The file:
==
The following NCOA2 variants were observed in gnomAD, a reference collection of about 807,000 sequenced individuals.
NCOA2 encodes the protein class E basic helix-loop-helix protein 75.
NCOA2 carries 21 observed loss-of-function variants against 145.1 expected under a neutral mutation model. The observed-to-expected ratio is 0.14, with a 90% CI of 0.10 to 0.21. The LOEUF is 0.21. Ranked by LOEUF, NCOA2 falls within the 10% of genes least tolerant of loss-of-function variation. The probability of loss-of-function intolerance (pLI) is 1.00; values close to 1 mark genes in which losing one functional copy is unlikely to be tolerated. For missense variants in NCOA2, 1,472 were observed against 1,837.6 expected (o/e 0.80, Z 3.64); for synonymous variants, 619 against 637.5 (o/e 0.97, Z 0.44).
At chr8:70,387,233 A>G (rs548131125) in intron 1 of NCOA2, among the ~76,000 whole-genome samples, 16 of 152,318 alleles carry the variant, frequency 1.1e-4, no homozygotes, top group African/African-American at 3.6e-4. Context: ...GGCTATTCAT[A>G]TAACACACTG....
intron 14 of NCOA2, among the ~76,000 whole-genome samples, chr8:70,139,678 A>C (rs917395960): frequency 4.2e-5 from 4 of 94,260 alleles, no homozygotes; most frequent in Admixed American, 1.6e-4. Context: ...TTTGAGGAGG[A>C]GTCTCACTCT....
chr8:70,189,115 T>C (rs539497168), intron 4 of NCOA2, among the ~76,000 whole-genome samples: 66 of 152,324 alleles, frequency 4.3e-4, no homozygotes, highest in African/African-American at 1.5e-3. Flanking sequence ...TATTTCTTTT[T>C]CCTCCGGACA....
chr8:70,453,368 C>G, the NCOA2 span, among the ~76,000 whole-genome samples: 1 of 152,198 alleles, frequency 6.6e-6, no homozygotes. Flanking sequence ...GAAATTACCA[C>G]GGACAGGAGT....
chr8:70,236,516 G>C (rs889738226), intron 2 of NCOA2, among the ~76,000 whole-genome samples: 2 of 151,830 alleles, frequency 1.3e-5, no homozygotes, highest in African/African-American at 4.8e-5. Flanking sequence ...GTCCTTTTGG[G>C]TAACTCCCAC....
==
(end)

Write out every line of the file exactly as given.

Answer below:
The following NCOA2 variants were observed in gnomAD, a reference collection of about 807,000 sequenced individuals.
NCOA2 encodes the protein class E basic helix-loop-helix protein 75.
NCOA2 carries 21 observed loss-of-function variants against 145.1 expected under a neutral mutation model. The observed-to-expected ratio is 0.14, with a 90% CI of 0.10 to 0.21. The LOEUF is 0.21. Ranked by LOEUF, NCOA2 falls within the 10% of genes least tolerant of loss-of-function variation. The probability of loss-of-function intolerance (pLI) is 1.00; values close to 1 mark genes in which losing one functional copy is unlikely to be tolerated. For missense variants in NCOA2, 1,472 were observed against 1,837.6 expected (o/e 0.80, Z 3.64); for synonymous variants, 619 against 637.5 (o/e 0.97, Z 0.44).
At chr8:70,387,233 A>G (rs548131125) in intron 1 of NCOA2, among the ~76,000 whole-genome samples, 16 of 152,318 alleles carry the variant, frequency 1.1e-4, no homozygotes, top group African/African-American at 3.6e-4. Context: ...GGCTATTCAT[A>G]TAACACACTG....
intron 14 of NCOA2, among the ~76,000 whole-genome samples, chr8:70,139,678 A>C (rs917395960): frequency 4.2e-5 from 4 of 94,260 alleles, no homozygotes; most frequent in Admixed American, 1.6e-4. Context: ...TTTGAGGAGG[A>C]GTCTCACTCT....
chr8:70,189,115 T>C (rs539497168), intron 4 of NCOA2, among the ~76,000 whole-genome samples: 66 of 152,324 alleles, frequency 4.3e-4, no homozygotes, highest in African/African-American at 1.5e-3. Flanking sequence ...TATTTCTTTT[T>C]CCTCCGGACA....
chr8:70,453,368 C>G, the NCOA2 span, among the ~76,000 whole-genome samples: 1 of 152,198 alleles, frequency 6.6e-6, no homozygotes. Flanking sequence ...GAAATTACCA[C>G]GGACAGGAGT....
chr8:70,236,516 G>C (rs889738226), intron 2 of NCOA2, among the ~76,000 whole-genome samples: 2 of 151,830 alleles, frequency 1.3e-5, no homozygotes, highest in African/African-American at 4.8e-5. Flanking sequence ...GTCCTTTTGG[G>C]TAACTCCCAC....